Just a little while ago I recieved an email from Barnes and Noble saying the long awaited Nook Color App store is now ready. This is what I had been waiting for because it now unleashes some of the Android operating system on the Nook Color to give a tablet experience. I went over the the Nook Apps site to see what was in the initial offering. As to be expected, the offerings are rather slim but there are a few apps teachers should look at if they have the Nook Color or thinking about one. Here are some of the apps that caught my attention:
Word of the Day (Free): Could be a way to review vocabulary or pickout those great SAT words.
Study Droid ($2): Allows users to create flash cards on the web and study anywhere.
Miss Spell's Class ($1.99): another way to learn vocabulary from Dictionary.com.
Dictionary.com ($2.99): handy dictionary app never hurt anyone.
Math ($1.99): Basic math tutor.
Fliq Calendar and Fliq Notes (Free)
Quickoffice Pro (Unknown): Allows users to create and edit Word, Excel, and PowerPoint files on the go.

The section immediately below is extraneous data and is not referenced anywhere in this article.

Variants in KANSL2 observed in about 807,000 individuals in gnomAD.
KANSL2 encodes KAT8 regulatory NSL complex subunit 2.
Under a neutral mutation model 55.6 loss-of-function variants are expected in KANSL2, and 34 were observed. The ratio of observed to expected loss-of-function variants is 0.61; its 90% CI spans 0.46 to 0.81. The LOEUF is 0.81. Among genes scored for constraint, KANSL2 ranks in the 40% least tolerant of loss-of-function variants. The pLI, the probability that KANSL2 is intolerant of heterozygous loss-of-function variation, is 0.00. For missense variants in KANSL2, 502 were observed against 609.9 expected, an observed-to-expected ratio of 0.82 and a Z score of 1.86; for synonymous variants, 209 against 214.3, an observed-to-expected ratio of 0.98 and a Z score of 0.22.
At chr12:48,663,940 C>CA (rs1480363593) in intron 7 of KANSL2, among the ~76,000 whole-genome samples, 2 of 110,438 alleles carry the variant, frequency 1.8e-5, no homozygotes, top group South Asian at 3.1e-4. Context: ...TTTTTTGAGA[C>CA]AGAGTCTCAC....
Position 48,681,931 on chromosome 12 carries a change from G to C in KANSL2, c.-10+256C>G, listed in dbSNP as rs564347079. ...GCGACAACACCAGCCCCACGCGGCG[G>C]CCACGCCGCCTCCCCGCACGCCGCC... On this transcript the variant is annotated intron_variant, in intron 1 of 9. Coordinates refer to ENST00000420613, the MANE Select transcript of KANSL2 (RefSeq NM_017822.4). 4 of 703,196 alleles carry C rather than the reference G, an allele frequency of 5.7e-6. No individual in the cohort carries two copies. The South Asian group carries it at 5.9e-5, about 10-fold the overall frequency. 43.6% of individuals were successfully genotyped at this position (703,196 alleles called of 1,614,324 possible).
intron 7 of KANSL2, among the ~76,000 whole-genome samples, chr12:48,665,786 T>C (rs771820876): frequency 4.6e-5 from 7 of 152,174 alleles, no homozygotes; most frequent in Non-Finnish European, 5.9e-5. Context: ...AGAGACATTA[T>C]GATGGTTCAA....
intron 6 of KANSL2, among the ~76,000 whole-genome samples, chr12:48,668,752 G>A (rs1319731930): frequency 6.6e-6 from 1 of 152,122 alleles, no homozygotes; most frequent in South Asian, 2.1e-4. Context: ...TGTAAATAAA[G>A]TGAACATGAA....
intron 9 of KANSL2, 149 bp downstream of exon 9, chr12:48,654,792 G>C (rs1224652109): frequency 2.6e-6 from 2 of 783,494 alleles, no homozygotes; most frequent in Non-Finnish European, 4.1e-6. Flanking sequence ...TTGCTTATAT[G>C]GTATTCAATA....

Goodreads (Free): Possibly a great way to get kids to read. Users can keep track of what they read, give recommendations for books, form small book clubs, and more.
My6Sense (Free): Allows users to read their RSS and Social Media feeds on the go. Could be good for picking out those blogs and tweets that are valuable to class.
GoBeeChallenge (Free): Surprised this offering was not located in the learn section but looks like a great way to learn geography from the National Geographic.
Pulse News Reader (Free): Another blog reader which has a limit on the number of blogs one can subscribe to.
Drawing Pad ($1.99)
Tikatok (Free) Barnes and Noble is trying to hook budding young authors with their free app that allows kids to create and share books they create.
Matching Zoo ($1.99), My First Zoo ($.99), Animal Show ($1.99): Looks like some Nook Color App developers have a soft spot for animals. Should be good to teach students about the other creatures that inhabit the Earth with us.
Tap To Talk (Free): This could help ESOL and students learning to read.
There are other offerings such as language tutors available as well. If you did not see something you like, you could get the developer's kit and start programming your own apps. The Nook Color should give developers with an interest in education an interesting challenge to create apps that tap into the reader's abilities. I could see some interesting apps that could help students read better in the future. In the meantime enjoy Angry Birds.